This interview is part of a series produced for the World Council of Churches (WCC) olive harvest initiative, a global effort in 2020 to highlight the spiritual, economic and cultural importance of the olive harvest for Palestinian communities, and to witness to the impact of the occupation.
By Anne Casparsson
It is easy to feel despair of the unjust situation for the Palestinians, who are experiencing daily humiliation, annexation of land, growing settlements, land grabbing and poverty. This year Palestine has been illegally occupied for 53 years. But there are also many people in Palestine cultivating hope, faith and love for transforming the situation. Below, Fr Jamal Khader, a Christian leader in Palestine, reflects on hardships and hope.
Fr Khader is director of the Latin Patriarch School in Palestine and a parish priest in the Holy Family Church in Ramallah. The congregation includes five different churches in Ramallah.
Would you like to tell a bit about your congregation and your own path to becoming a priest?
Fr Khader: I come from a small Christian village in the West Bank, Zababdeh, and was ordained in 1988. Today I am the director of the Latin Patriarch School, and the general secretary of all 67 Christian schools in Palestine.
Life in Ramallah goes on, but we face many problems and difficulties. People are suffering from financial problems, the pandemic, the occupation, the annexation plan—where they de facto are building more settlements—and a very uncertain political situation. Many are losing hope and our mission as a church is keeping hope alive, even if it is not easy. We are working hard with helping the most vulnerable in our society. We have a very small Christian community left in Palestine, which is difficult for our mission.
What challenges do you see as a Christian leader in Ramallah and Palestine today?
Fr Khader: We face a lot of poverty in our society and a lot of violence, imposed on us by the force of a very unjust situation with the Israeli occupation.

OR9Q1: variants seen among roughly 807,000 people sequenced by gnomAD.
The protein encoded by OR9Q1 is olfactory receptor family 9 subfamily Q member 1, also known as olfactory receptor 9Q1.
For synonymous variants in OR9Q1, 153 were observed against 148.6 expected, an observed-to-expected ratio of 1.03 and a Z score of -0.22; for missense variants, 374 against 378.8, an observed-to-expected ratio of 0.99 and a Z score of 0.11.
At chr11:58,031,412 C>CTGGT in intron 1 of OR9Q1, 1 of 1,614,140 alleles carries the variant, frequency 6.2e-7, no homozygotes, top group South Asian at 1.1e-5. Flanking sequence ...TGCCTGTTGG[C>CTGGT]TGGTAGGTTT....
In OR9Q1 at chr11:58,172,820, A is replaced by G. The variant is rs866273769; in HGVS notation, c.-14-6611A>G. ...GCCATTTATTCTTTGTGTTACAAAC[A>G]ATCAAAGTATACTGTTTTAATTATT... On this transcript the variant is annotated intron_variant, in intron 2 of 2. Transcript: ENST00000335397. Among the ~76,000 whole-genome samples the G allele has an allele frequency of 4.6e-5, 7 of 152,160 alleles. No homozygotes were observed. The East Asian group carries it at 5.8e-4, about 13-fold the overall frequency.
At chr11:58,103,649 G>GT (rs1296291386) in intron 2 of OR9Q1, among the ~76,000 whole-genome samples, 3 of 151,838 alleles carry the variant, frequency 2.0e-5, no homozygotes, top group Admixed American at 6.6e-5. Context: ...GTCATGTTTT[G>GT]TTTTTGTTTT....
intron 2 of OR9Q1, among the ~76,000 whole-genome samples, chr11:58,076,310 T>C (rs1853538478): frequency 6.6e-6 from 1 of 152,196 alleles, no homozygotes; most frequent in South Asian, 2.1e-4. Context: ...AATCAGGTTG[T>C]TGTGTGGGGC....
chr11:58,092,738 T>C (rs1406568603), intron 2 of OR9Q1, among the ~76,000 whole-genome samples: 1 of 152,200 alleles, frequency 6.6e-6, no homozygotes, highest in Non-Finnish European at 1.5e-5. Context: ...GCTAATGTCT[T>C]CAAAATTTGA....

Some of the challenges we face are from our Christian brothers and sisters around the world. As Christians, we believe we are all equal, with the same rights and dignity. That includes even us Palestinians. This is very problematic when we are facing the Zionistic way of thinking in many churches, including a few in the Catholic church, using religion to justify the occupation and annexation of Palestine. They emphasize that the Jews have a divine right to this land. But what does that mean for the Palestinians? Will their rights mean extreme injustice for us?
We are creating seminars on these topics to promote dialog and discussion with different churches in Europe. How can God be a loving God and at the same time promote injustice? The Evangelical Church in Palestine organizes conferences (“Christ at the Checkpoint”) for evangelical church members from the USA every year, two hundred meters from the separation wall. For many of these participants it is an eye opener. They discover a very different reality on the ground, than they had in mind before. It is one way to face theological challenges.
How can faith, hope and love be cultivated in these difficult situations?
Fr Khader: When we talk about peace and justice, every single human is created in God's image and is my sister and brother. My neighbor is not my enemy but my sister or brother. We apply it in our schools, where we have both Christian and Muslim children. It is about values, human life, justice, and dignity.
We need to keep hope alive, even if we see nothing good coming from the political world. Instead we need to see other signs of hope such as solidarity from the WCC, local work, people around the world praying for us, and young kids here believing in nonviolence.
Love is something very concrete, to fight against evil. Love includes everyone, beginning with those who are suffering most. It is a mission of the church. And we have to embrace even the hardest part: Love your enemy. It is our Christian commandment.
How can the struggle against the occupation best be done from a spiritual point of view?
Fr Khader: As Christians we believe in the strength of prayer. Solidarity with the Palestinians by praying, is an act for justice. The spiritual life will see the image of God in every single human being.
How can we as Christians work and keep believing in peace and justice for Palestinians?
Fr Khader: There are many steps one can take towards justice and peace in Palestine. One is to come and see the situation on the ground. Another is to fight Zionism in the churches. Work instead in favor of true justice and peace. Include the situation in Gaza in your solidarity for Palestine. They live under terrible circumstances. Educate people, work together with the WCC, and be in contact with the Christians in Palestine. Working for justice and peace needs creativity. Be courageous in the theology; be creative in the work for justice and peace. We need all the support from the world.
In Palestine, “God honored this olive tree” (WCC press release of 12 November 2020)
“Your life is in peace when you collect the olives" (WCC press release of 29 October 2020)
* Anne Casparsson is a freelance journalist who focuses on justice and peace.